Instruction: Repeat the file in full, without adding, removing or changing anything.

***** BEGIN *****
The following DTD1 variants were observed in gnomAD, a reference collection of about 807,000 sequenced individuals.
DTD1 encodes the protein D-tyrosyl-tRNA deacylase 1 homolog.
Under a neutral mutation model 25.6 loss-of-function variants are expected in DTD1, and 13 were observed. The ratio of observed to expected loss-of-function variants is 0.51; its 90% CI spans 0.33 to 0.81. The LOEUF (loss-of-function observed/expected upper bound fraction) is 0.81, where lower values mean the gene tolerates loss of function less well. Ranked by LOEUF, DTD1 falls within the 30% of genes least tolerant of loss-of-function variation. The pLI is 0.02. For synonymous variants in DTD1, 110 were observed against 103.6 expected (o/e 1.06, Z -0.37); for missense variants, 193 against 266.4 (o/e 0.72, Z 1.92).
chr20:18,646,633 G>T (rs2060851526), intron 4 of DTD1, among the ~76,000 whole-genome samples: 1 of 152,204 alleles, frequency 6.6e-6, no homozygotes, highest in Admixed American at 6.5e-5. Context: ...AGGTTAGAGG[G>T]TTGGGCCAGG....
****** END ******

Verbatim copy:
The following DTD1 variants were observed in gnomAD, a reference collection of about 807,000 sequenced individuals.
DTD1 encodes the protein D-tyrosyl-tRNA deacylase 1 homolog.
Under a neutral mutation model 25.6 loss-of-function variants are expected in DTD1, and 13 were observed. The ratio of observed to expected loss-of-function variants is 0.51; its 90% CI spans 0.33 to 0.81. The LOEUF (loss-of-function observed/expected upper bound fraction) is 0.81, where lower values mean the gene tolerates loss of function less well. Ranked by LOEUF, DTD1 falls within the 30% of genes least tolerant of loss-of-function variation. The pLI is 0.02. For synonymous variants in DTD1, 110 were observed against 103.6 expected (o/e 1.06, Z -0.37); for missense variants, 193 against 266.4 (o/e 0.72, Z 1.92).
chr20:18,646,633 G>T (rs2060851526), intron 4 of DTD1, among the ~76,000 whole-genome samples: 1 of 152,204 alleles, frequency 6.6e-6, no homozygotes, highest in Admixed American at 6.5e-5. Context: ...AGGTTAGAGG[G>T]TTGGGCCAGG....